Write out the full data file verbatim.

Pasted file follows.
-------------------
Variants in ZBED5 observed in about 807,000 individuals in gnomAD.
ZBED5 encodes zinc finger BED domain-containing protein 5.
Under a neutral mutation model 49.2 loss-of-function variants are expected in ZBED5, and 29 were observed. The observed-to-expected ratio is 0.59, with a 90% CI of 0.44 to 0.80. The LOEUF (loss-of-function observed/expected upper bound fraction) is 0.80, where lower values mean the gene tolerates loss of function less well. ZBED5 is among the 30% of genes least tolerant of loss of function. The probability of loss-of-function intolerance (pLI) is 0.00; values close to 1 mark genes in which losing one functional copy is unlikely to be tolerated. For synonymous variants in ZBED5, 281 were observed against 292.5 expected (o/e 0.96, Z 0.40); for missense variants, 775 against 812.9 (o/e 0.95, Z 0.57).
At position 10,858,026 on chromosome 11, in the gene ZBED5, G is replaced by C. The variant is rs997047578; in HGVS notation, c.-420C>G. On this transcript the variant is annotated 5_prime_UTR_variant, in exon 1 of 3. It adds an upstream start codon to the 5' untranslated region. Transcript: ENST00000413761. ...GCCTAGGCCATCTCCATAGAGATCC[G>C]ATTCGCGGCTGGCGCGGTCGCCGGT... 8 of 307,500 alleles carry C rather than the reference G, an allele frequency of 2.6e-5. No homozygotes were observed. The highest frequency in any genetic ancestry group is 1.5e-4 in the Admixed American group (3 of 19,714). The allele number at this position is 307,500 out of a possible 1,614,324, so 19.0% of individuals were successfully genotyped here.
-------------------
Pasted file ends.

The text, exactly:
Variants in ZBED5 observed in about 807,000 individuals in gnomAD.
ZBED5 encodes zinc finger BED domain-containing protein 5.
Under a neutral mutation model 49.2 loss-of-function variants are expected in ZBED5, and 29 were observed. The observed-to-expected ratio is 0.59, with a 90% CI of 0.44 to 0.80. The LOEUF (loss-of-function observed/expected upper bound fraction) is 0.80, where lower values mean the gene tolerates loss of function less well. ZBED5 is among the 30% of genes least tolerant of loss of function. The probability of loss-of-function intolerance (pLI) is 0.00; values close to 1 mark genes in which losing one functional copy is unlikely to be tolerated. For synonymous variants in ZBED5, 281 were observed against 292.5 expected (o/e 0.96, Z 0.40); for missense variants, 775 against 812.9 (o/e 0.95, Z 0.57).
At position 10,858,026 on chromosome 11, in the gene ZBED5, G is replaced by C. The variant is rs997047578; in HGVS notation, c.-420C>G. On this transcript the variant is annotated 5_prime_UTR_variant, in exon 1 of 3. It adds an upstream start codon to the 5' untranslated region. Transcript: ENST00000413761. ...GCCTAGGCCATCTCCATAGAGATCC[G>C]ATTCGCGGCTGGCGCGGTCGCCGGT... 8 of 307,500 alleles carry C rather than the reference G, an allele frequency of 2.6e-5. No homozygotes were observed. The highest frequency in any genetic ancestry group is 1.5e-4 in the Admixed American group (3 of 19,714). The allele number at this position is 307,500 out of a possible 1,614,324, so 19.0% of individuals were successfully genotyped here.